Monday, February 22, 2010

More on mnmlism - letting go of desires

Straight from the minimalist blog. I take no credit for any of this. I've simply read it, and want to pass it on. Being un-copy-righted, makes that nice and easy. Enjoy.

mnmlist : 02.2010 : letting go of desires (mind)

We all have desires – it’s part of the human condition.

We want to be loved, to have friends, to experience joy, to have security.

But a desire for things is not as natural as we’re often led to believe. Sure, we all have desires for things: nice cars, nice clothes, nice houses, cool computers and iPhones, beautiful furniture and notebooks and shoes and jewelry and bags and bikes and on and on.

But these desires are manufactured in us, by advertising and marketing. They play on our natural instincts: for hoarding (security), for the pleasures of food and drugs and sex (desire for joy), for fitting in with clothes and bikes and gadgets (desire for friends), and so on.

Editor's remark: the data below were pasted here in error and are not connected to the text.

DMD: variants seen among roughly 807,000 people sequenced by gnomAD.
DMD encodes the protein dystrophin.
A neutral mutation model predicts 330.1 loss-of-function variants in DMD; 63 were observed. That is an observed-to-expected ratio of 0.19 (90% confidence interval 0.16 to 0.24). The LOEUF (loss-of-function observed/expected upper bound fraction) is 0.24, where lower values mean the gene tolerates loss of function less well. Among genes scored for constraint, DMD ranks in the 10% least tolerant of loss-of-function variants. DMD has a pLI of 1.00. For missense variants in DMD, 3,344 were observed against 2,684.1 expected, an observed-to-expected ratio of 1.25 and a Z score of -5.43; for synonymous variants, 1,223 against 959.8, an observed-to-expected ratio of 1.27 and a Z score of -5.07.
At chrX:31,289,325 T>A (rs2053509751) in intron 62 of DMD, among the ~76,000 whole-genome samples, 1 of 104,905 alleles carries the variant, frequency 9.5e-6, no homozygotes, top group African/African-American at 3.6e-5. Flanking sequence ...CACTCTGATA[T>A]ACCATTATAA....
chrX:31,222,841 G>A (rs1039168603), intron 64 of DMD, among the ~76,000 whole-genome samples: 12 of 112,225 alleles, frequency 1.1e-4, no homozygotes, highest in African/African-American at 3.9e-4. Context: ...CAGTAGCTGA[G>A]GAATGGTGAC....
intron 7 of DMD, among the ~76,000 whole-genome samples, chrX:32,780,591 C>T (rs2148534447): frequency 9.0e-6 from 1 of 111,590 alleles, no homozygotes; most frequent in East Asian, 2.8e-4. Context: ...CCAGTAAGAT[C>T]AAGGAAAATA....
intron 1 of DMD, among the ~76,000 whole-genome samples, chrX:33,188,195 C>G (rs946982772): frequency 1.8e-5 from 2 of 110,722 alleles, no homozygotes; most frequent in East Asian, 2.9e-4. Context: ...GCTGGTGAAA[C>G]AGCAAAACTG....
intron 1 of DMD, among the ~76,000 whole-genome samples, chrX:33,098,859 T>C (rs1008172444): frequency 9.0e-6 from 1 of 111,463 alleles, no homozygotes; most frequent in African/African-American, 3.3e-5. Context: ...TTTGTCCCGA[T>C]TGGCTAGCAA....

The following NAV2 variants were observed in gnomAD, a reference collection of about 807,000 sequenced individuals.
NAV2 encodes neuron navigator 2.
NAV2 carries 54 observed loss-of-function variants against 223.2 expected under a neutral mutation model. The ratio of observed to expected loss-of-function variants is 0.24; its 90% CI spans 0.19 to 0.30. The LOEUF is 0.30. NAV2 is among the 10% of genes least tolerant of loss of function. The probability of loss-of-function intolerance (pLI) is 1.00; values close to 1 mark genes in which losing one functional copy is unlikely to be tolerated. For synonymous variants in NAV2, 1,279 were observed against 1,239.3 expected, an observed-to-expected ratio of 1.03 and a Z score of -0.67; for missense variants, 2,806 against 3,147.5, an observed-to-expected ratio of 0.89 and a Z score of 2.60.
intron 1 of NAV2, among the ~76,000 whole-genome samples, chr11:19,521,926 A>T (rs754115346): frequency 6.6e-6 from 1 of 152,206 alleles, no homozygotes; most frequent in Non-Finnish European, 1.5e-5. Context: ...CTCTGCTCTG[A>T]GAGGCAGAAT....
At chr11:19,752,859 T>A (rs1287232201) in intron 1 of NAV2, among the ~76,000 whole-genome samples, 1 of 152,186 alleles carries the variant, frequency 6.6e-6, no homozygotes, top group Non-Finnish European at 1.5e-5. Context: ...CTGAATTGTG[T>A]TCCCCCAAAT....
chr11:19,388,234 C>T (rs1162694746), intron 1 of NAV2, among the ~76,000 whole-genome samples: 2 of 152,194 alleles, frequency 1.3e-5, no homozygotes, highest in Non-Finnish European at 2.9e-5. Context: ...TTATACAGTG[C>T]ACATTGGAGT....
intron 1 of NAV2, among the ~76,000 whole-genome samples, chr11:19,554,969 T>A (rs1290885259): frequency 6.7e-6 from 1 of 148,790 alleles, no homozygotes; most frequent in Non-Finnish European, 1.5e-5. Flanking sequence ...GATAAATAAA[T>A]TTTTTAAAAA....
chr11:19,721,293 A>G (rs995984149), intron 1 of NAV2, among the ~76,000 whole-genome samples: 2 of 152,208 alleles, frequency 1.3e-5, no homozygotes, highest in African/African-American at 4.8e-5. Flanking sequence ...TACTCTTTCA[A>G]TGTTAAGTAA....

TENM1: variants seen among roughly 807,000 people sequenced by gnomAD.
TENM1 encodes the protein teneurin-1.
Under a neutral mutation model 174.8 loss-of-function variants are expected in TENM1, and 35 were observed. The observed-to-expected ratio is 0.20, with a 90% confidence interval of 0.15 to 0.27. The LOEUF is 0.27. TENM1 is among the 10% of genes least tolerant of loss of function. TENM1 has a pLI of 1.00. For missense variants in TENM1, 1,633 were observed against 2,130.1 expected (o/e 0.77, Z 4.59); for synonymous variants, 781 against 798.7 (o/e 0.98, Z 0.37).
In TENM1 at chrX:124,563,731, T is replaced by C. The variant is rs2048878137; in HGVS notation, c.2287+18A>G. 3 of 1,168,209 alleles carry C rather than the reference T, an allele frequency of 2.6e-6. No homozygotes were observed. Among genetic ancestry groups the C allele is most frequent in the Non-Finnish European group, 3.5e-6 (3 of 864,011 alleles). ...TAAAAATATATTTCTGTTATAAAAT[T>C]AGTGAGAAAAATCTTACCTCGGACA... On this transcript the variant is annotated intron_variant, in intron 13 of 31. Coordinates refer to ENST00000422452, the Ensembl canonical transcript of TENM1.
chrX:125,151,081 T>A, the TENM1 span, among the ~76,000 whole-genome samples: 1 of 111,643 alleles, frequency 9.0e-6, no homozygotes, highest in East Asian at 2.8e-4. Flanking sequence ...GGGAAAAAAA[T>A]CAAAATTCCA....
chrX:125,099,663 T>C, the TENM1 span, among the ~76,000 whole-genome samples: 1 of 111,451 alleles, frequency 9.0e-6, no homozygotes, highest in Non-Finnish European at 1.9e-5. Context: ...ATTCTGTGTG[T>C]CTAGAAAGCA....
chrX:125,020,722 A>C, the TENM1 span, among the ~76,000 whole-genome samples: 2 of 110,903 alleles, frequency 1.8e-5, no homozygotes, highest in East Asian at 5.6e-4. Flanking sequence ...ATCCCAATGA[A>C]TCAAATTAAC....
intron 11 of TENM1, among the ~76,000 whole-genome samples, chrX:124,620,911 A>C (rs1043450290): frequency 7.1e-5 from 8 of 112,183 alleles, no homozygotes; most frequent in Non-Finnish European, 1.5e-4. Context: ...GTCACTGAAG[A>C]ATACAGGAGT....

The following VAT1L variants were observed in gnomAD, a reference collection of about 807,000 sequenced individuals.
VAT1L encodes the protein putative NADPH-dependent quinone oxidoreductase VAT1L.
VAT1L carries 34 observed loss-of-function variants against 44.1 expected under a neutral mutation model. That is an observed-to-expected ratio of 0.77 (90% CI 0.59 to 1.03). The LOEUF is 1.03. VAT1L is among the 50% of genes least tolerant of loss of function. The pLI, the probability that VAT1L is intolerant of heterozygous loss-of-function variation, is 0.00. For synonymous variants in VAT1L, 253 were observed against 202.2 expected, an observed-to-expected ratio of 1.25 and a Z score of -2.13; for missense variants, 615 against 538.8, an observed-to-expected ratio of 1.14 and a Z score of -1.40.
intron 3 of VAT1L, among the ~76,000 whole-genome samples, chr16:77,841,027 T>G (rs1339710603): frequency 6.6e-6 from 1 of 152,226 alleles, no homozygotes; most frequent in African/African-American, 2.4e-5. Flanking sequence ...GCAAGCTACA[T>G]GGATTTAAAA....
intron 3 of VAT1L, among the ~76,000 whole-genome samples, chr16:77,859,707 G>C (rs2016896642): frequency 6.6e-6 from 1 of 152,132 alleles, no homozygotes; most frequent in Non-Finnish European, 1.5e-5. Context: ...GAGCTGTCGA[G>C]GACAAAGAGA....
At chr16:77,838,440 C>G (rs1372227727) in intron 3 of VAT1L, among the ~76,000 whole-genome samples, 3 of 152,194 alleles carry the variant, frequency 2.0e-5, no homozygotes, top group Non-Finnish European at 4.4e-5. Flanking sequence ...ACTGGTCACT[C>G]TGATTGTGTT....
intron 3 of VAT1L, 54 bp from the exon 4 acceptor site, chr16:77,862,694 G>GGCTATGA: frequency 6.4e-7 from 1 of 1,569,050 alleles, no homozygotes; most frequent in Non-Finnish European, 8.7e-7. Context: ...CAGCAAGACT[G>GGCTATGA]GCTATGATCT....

Desires like these lead to all kinds of problems — in fact, all the problems of modern society. They are rooted in the immense power of corporations in our society, and their drive for massive profits. Problems result that include obesity and related diseases, massive consumer debt, shallow consumerism, overwork (to make money for all these things), lack of true human connection, and more.

And while desires are perfectly natural and unavoidable, if we can learn to let go of the manufactured desires, we’ll start to free ourselves from the chains of consumerism.

Start to become aware of these desires – recognize their signs in you. Pause before acting on them. Take deep breaths, go for a walk, get some perspective. You don’t really need more things, and buying is not the answer. Make do without and find happiness without more stuff.

Let the desire go, and feel the lightness, the freedom. Become liberated from desires, one at a time (not forever, but for the moment). You’ll love it.


Pondero said...

Yes. Easy to read, hesitate to agree, and very difficult to live. However, I'll say that it becomes easier as I get older. Experience indicates that things don't live up to their promise.

Jerome said...

Very well said. I especially like that last sentence.